The feeling has gone from dismay to disgust and discontent in the minds of telecommunication consumers across the country as they are annoyingly inundated with unsolicited text messages, expeditiously sent by Mobile Network Operators (MNOs), and Value Added Service (VAS) providers. Mobile subscribers have also expressed displeasure over their inability to opt out in any way.
This worrisome development, which is not peculiar to one operator, is sent to millions of subscribers at very odd hours in quick succession. More disturbing is the irrelevance of these unsolicited text messages, which can be regarded as spam SMS; and one cannot help but wonder if the MNOs take into cognizance privacy issues when they take to bombarding subscribers with these messages.
Ordinarily, Short Messaging Service (SMS), are a valuable means of communication but this has drawn the indignation of subscribers, because they constitute a nuisance, especially when sent without the receiver’s consent.
According to their complaints, although the Nigeria Communication Commission (NCC) has on several occasions warned VAS providers to restrict sending of unsolicited messages on the networks to the hours of 8.00am and 8.00pm, the move by the commission is belated, inadequate, and indecisive.
According to a telecom consumer, Yemi Afolabi, “The NCC is yet to take a firm stance on the issue despite issuing certain guidelines that have not been respected, because it is yet to resolve the issue of unsolicited SMS.
“I have tried the four major service providers at different times and discovered and come to the conclusion that they are all the same in this regard, none of them gave me a breathing space. For instance I am based in Ikeja and I was sent a message inviting me to a religious service to hold at Abuja, not even sure whether the message was sent to an Abuja based resident or whether the recipient share the same faith with them. If you ask me, these are all fraudulent acts and the NCC should live up to its responsibility by saving subscribers from the flurries of unwanted SMS; it is high time it redeem its name and image.”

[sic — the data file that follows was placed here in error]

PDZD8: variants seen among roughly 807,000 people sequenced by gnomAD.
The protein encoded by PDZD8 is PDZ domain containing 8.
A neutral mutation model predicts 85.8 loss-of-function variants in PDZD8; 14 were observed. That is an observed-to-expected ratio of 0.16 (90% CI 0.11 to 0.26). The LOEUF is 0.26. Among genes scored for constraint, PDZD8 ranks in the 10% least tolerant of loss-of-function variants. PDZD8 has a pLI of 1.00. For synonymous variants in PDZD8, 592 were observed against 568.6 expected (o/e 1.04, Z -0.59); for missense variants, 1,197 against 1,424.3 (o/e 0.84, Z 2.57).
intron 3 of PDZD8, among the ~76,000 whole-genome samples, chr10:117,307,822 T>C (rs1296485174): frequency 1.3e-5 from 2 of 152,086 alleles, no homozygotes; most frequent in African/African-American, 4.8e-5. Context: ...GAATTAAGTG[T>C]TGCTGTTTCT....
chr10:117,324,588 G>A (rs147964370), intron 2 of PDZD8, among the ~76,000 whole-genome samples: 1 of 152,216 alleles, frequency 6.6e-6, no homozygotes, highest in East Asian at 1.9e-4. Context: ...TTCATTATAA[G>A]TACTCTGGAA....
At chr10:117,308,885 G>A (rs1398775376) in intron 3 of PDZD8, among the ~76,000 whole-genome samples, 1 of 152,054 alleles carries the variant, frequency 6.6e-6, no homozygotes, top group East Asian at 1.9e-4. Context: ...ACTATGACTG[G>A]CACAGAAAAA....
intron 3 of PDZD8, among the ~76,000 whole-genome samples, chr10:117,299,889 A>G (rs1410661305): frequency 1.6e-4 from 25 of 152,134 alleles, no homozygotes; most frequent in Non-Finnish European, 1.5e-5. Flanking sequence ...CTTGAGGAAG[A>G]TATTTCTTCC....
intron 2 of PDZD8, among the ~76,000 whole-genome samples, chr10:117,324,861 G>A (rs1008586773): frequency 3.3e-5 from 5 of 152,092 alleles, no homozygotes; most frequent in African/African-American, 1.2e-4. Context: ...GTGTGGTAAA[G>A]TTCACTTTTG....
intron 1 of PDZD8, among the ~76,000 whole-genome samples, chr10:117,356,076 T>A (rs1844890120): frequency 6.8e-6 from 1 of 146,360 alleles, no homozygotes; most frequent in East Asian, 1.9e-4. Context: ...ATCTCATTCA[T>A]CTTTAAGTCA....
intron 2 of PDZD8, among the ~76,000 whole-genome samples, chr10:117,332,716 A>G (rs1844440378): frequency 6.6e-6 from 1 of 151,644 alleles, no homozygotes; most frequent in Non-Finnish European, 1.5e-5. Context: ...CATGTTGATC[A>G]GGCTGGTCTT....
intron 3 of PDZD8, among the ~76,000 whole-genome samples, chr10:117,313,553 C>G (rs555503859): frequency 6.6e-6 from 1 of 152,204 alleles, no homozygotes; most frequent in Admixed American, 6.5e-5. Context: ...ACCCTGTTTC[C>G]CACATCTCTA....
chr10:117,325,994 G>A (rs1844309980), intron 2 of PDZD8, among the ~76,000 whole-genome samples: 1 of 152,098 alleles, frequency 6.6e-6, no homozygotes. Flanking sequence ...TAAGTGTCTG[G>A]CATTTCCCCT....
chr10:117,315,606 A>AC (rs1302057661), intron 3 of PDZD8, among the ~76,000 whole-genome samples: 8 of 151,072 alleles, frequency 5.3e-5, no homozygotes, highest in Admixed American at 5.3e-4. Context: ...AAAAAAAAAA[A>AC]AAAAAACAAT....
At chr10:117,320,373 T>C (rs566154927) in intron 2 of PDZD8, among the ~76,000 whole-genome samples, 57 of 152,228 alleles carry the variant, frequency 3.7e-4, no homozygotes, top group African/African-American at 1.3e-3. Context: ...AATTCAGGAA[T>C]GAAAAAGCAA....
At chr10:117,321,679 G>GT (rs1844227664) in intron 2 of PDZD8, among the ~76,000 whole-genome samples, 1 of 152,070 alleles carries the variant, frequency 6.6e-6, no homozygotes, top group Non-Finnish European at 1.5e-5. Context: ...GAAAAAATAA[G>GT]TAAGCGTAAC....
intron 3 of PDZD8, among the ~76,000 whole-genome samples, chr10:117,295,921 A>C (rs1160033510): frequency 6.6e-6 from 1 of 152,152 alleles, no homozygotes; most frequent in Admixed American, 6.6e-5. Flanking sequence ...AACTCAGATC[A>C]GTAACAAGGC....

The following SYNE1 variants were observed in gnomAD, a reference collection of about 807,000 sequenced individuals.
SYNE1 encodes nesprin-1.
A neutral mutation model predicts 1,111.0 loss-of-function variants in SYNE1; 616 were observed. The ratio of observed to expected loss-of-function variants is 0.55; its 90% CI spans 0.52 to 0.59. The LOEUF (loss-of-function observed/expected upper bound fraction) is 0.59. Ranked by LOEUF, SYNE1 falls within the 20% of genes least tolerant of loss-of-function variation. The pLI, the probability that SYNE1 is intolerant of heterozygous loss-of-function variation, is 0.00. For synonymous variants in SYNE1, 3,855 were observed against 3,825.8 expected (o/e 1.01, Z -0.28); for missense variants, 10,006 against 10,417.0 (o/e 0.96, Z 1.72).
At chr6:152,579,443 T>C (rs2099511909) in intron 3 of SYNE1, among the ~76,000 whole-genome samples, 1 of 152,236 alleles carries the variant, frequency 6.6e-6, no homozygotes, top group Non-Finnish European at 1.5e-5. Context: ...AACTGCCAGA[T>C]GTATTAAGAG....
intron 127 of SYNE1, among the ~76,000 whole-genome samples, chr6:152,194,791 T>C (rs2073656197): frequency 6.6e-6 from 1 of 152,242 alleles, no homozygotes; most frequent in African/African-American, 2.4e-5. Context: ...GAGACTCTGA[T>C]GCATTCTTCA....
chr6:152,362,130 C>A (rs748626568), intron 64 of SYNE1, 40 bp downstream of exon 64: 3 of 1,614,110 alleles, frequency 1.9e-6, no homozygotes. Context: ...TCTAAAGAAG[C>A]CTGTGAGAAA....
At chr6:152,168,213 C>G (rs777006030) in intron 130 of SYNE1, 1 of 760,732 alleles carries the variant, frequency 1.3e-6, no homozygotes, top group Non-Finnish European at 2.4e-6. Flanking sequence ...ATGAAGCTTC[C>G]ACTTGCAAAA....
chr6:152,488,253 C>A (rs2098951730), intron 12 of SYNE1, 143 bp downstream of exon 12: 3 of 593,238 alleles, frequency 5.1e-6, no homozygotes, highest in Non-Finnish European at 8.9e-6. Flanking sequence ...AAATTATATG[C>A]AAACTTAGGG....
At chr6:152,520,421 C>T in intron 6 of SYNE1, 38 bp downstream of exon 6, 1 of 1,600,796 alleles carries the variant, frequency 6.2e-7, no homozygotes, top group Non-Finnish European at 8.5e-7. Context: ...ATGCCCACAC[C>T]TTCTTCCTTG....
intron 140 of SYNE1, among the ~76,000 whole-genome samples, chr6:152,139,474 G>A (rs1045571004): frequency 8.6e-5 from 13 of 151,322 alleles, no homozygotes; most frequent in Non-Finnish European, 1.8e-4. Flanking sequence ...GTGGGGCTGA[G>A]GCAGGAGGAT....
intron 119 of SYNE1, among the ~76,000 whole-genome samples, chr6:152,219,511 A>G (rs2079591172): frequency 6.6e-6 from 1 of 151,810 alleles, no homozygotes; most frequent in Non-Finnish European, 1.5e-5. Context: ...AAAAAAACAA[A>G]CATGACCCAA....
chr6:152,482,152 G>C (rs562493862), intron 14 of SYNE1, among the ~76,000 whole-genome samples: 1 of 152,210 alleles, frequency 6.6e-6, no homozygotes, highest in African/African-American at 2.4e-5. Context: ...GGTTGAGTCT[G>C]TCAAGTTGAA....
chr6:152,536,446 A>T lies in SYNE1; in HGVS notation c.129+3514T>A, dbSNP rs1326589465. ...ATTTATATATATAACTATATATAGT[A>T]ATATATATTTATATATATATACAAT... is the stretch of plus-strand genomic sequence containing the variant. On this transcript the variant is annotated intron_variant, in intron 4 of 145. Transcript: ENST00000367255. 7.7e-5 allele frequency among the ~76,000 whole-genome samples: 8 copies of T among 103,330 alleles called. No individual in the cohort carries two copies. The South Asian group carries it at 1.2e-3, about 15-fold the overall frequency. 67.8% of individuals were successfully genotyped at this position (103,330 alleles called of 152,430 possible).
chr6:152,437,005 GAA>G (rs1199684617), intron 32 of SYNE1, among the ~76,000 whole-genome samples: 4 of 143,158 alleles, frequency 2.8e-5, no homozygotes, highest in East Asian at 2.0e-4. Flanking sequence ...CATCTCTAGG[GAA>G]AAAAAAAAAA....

Another consumer, Omodele Abayomi, said, “The NCC should put its foot on the ground and enforce regulations that will curtail the excesses of Mobile Network Operators because on the average I receive between 6 to 12 messages. Not only does all of them constitute nuisance, but they tamper with my privacy and as well subtly infringe on my rights.”
Rachel Oviawhe said, “The NCC should clamp hard on these telecoms companies because all they do is fleece consumers. These days they deduct money from me for services I did not subscribe to. I have had series of cases and I have evidence to that effect.
“The practice of sending unsolicited messages is not peculiar to Nigeria alone but it is regulated in other countries, this is what we as subscribers expect the regulatory body here in Nigeria to do. The Commission, service providers and VAS providers should not take subscribers in the country for granted, by permitting this reckless infringement of our privacy, as well as our right to receive or reject certain communication.
“I also call on relevant consumer protection agencies to equally rise up and seek redress to this issue which is gradually becoming a menace. We the consumers should be allowed to exercise our power of choice and any trend that endangers the exercise of such power should be discouraged and truncated.
“The issue of unsolicited text messages most especially at night should be frowned at by the regulators. Such messages have woken me up on several occasions and I think it is high time such practices be discontinued.”